We all experience fears of various kinds of fears about the future, about relationships, about work and finances, about our health, or about the ones we love, perhaps even fears about falling away from Christ. Fears often emerge and linger because we don’t know how to fight them. We feel helpless and powerless before their threats.
When fears arise, how do you respond? When bills pile up, some of us let them consume our thoughts; others push them far out of our minds. When layoffs are happening at work, and our job is in jeopardy, some of us isolate ourselves; others take the stress out on our family. When health concerns emerge, some of us distract ourselves with shopping or entertainment; others fall back into an old pattern of sin. Fear often leads us everywhere but to God.
When Moses died, a whole nation was terrified. We know God’s people were afraid, because he says to Joshua three times in four verses, “Be strong and courageous. . . . Only be strong and very courageous. . . . Have I not commanded you? Be strong and courageous” (Joshua 1:6–9). Maybe you can feel theirfear in these words. That makes this passage a kind of field manual for the anxiety and fears we face.
Your Worst Fear
What is the first statement God makes to them? “Moses my servant is dead” (Joshua 1:2). He reminds them of what they feared the most: stepping out in faith, into a foreign land, against massive armies, without Moses. God doesn’t avoid reality, or try to distract his people with something else. He addresses the hard truth with honesty.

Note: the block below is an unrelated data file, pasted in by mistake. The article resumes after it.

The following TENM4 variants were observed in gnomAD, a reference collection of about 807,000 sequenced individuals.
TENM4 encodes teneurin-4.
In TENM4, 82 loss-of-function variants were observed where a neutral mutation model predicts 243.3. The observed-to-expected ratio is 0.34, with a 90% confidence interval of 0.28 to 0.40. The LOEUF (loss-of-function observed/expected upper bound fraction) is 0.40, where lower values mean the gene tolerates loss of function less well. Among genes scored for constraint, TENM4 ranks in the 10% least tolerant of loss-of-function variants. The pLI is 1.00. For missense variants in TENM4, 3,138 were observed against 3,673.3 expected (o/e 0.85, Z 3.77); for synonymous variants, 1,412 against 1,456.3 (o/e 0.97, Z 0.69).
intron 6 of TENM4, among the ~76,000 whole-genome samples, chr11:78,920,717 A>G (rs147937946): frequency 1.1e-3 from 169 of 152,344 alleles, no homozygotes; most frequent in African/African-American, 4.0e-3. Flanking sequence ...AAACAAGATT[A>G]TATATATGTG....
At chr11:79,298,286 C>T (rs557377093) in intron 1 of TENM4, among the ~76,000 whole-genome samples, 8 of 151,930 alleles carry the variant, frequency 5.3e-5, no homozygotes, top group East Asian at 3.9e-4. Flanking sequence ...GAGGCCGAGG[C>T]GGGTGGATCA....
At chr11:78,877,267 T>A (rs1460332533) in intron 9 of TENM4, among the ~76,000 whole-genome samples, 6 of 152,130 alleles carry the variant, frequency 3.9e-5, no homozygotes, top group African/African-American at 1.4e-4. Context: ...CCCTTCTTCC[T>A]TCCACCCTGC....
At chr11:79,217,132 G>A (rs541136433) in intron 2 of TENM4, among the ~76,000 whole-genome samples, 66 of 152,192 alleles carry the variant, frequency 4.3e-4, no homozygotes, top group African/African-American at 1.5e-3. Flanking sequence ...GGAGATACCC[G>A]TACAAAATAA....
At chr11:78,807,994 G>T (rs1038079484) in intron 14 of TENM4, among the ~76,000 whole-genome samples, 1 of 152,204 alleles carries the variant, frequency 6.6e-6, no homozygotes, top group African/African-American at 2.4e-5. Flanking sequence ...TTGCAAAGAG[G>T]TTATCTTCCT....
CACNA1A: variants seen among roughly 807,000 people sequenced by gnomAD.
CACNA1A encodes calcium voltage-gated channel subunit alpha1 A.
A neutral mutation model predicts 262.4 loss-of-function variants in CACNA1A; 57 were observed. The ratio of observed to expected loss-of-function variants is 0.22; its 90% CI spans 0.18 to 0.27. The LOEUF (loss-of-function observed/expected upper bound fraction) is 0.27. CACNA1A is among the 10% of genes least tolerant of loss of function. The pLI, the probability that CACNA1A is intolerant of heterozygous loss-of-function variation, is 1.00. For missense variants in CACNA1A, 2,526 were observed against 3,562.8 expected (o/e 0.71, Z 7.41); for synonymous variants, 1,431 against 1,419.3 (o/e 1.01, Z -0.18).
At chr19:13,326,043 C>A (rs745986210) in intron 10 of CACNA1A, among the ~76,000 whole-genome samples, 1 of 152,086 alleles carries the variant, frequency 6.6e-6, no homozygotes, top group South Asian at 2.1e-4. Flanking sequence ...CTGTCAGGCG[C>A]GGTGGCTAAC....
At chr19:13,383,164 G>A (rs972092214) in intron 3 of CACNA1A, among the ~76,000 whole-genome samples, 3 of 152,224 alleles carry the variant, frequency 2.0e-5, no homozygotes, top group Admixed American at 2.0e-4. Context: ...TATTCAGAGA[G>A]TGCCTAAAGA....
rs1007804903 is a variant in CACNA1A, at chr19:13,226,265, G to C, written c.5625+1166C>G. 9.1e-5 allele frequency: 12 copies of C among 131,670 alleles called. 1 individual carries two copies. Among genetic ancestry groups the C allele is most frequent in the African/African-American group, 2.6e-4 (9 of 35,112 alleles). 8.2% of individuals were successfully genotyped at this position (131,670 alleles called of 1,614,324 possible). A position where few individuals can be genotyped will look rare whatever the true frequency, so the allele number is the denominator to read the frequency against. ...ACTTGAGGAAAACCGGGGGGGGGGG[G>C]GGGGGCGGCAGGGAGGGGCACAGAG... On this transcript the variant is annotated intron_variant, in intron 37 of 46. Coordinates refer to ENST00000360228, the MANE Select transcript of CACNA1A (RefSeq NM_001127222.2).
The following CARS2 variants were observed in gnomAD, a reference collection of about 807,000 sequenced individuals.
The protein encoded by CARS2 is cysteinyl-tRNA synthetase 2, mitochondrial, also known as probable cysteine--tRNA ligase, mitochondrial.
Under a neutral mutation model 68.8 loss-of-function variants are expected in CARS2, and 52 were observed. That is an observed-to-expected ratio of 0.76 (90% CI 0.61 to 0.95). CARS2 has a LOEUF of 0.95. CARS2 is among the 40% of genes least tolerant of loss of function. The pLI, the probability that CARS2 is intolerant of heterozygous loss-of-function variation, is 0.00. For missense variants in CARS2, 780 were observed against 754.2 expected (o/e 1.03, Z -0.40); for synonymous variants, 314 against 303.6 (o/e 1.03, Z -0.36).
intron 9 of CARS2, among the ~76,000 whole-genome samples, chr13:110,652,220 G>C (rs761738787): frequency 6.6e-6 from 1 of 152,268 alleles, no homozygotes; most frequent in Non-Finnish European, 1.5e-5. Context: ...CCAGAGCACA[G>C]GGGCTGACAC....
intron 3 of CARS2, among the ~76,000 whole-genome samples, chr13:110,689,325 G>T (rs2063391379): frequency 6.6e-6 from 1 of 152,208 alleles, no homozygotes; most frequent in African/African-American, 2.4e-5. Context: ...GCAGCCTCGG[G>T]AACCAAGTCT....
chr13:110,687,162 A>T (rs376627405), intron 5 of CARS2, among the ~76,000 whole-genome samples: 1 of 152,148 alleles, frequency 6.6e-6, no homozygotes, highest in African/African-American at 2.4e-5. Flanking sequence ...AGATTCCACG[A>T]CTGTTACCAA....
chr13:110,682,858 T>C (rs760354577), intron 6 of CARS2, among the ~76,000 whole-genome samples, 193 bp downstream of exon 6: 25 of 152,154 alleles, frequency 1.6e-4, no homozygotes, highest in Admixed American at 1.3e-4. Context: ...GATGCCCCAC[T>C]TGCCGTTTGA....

But God means for his people to hear waterfalls of comfort and confidence in those five words. He calls him, “Moses my servant.” Yes, Moses is dead, but he was only a servant sent by your God — and your God will not die. And his promises will never expire. He says, “Moses my servant is dead. Now therefore arise, go over this Jordan, you and all this people, into the land that I am giving to them.” Moses may be gone, but God’s promises still live. No matter how bleak the moment, God will never forsake his word to them — or to you.
God does not bring good news that downplays or ignores harsh realities. The news he brings is good enough to confront and overcome the worst threats his children face, like death and war and whatever haunts you.
What Does God Say?
As God sent his people across the Jordan and into danger, he handed them a promise to carry them through the fires: the land is already yours. Yes, great armies await you, and hard battles remain to be won, but this land has already been taken for you. “Every place that the sole of your foot will tread upon I have given to you, just as I promised to Moses” (Joshua 1:3).
Their nervous hands and antsy feet are flesh-and-blood manikins of our lack of faith in challenging or distressing circumstances. God has promised us more in Christ, and with more evidence — at the cross, in the empty tomb, and with the Holy Spirit — and yet we’re often still afraid to trust him and step forward. We let fear silence the clear voice of God in Christ.
When you are afraid that you might drown in the river of your finances, or be burned in the fires of affliction, remember that God has said to you, “Fear not, for I have redeemed you; I have called you by name, you are mine. When you pass through the waters, I will be with you; and through the rivers, they shall not overwhelm you; when you walk through fire you shall not be burned, and the flame shall not consume you” (Isaiah 43:1–2).
Written by Marshall Segall
Full Article at Desiring God